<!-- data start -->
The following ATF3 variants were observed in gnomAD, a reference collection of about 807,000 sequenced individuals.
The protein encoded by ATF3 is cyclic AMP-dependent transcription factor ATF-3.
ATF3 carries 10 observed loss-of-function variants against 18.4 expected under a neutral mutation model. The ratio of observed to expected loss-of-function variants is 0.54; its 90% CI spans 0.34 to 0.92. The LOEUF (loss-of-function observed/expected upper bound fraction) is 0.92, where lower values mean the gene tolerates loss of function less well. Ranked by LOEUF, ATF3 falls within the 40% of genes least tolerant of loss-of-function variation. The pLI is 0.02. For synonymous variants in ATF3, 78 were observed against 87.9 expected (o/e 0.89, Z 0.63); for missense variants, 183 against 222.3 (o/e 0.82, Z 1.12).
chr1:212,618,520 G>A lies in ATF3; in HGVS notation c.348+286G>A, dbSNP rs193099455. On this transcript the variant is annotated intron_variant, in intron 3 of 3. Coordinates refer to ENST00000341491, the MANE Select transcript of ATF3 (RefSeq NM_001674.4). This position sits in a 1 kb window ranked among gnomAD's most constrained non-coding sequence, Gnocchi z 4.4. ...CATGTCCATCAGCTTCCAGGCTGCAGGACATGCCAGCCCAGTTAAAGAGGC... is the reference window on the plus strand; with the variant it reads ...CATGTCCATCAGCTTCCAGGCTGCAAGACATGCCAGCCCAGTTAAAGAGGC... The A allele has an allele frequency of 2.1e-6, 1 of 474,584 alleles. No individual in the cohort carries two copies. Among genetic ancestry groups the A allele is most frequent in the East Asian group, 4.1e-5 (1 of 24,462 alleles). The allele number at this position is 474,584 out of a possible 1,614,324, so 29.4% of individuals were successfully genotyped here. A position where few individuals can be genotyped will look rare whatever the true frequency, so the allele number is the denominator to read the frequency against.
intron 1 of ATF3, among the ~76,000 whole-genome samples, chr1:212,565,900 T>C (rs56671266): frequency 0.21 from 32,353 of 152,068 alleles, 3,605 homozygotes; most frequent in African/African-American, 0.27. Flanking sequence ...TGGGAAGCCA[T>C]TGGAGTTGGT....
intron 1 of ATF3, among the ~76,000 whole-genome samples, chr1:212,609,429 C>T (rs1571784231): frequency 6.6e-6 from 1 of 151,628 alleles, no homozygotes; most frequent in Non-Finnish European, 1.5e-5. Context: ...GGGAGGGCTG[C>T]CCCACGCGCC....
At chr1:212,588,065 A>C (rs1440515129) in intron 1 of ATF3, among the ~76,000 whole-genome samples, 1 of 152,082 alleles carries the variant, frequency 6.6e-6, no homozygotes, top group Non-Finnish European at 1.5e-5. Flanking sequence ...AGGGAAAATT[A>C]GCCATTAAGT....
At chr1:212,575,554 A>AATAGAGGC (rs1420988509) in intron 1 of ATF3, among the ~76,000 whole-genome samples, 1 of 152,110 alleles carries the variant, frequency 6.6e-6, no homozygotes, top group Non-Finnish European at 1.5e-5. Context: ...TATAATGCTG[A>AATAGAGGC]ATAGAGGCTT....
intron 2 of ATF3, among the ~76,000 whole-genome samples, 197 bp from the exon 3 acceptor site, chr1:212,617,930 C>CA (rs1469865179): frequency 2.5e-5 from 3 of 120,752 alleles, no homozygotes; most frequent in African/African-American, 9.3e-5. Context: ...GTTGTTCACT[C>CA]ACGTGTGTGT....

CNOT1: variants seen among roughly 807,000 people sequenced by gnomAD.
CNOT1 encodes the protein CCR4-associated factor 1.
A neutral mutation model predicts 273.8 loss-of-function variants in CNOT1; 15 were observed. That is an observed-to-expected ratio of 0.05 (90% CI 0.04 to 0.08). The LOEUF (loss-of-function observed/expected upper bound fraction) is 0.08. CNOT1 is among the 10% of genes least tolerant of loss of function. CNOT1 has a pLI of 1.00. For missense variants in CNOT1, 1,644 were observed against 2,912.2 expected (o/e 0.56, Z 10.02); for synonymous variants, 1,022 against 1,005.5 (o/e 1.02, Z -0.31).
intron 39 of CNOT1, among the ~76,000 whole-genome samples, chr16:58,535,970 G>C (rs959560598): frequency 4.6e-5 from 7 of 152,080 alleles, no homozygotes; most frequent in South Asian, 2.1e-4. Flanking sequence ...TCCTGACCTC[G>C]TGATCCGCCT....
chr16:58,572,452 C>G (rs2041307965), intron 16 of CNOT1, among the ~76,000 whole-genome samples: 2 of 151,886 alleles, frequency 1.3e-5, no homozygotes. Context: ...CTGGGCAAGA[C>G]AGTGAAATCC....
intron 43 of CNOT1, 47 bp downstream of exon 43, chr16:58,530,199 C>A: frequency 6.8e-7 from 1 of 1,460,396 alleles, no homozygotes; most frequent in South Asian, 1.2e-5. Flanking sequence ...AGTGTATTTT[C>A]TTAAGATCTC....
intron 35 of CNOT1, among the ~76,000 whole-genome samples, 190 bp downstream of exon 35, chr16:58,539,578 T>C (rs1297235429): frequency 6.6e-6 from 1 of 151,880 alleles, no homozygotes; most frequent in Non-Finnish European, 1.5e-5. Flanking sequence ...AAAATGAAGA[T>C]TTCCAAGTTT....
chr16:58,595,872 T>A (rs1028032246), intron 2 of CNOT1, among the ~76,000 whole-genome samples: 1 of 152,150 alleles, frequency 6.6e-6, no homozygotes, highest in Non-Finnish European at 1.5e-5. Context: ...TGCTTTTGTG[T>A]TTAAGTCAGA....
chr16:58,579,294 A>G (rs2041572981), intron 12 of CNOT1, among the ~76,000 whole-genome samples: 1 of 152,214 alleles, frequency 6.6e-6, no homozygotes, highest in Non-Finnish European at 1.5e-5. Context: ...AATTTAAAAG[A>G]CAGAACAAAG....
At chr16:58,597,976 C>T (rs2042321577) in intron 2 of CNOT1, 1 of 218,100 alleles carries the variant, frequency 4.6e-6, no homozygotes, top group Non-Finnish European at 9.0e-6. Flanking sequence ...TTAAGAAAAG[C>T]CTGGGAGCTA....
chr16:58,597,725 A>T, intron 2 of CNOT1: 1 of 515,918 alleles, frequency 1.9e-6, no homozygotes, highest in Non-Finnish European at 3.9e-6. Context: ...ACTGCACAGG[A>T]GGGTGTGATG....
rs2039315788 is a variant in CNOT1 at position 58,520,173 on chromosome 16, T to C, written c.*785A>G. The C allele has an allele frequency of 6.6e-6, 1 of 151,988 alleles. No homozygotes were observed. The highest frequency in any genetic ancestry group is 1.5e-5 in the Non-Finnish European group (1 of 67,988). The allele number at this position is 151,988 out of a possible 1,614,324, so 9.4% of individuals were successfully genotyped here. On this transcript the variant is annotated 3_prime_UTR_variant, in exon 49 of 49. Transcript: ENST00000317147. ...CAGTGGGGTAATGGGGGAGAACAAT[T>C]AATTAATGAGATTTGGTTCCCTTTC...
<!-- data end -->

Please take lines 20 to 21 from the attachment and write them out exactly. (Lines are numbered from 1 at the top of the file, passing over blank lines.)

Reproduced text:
chr16:58,597,725 A>T, intron 2 of CNOT1: 1 of 515,918 alleles, frequency 1.9e-6, no homozygotes, highest in Non-Finnish European at 3.9e-6. Context: ...ACTGCACAGG[A>T]GGGTGTGATG....
rs2039315788 is a variant in CNOT1 at position 58,520,173 on chromosome 16, T to C, written c.*785A>G. The C allele has an allele frequency of 6.6e-6, 1 of 151,988 alleles. No homozygotes were observed. The highest frequency in any genetic ancestry group is 1.5e-5 in the Non-Finnish European group (1 of 67,988). The allele number at this position is 151,988 out of a possible 1,614,324, so 9.4% of individuals were successfully genotyped here. On this transcript the variant is annotated 3_prime_UTR_variant, in exon 49 of 49. Transcript: ENST00000317147. ...CAGTGGGGTAATGGGGGAGAACAAT[T>C]AATTAATGAGATTTGGTTCCCTTTC...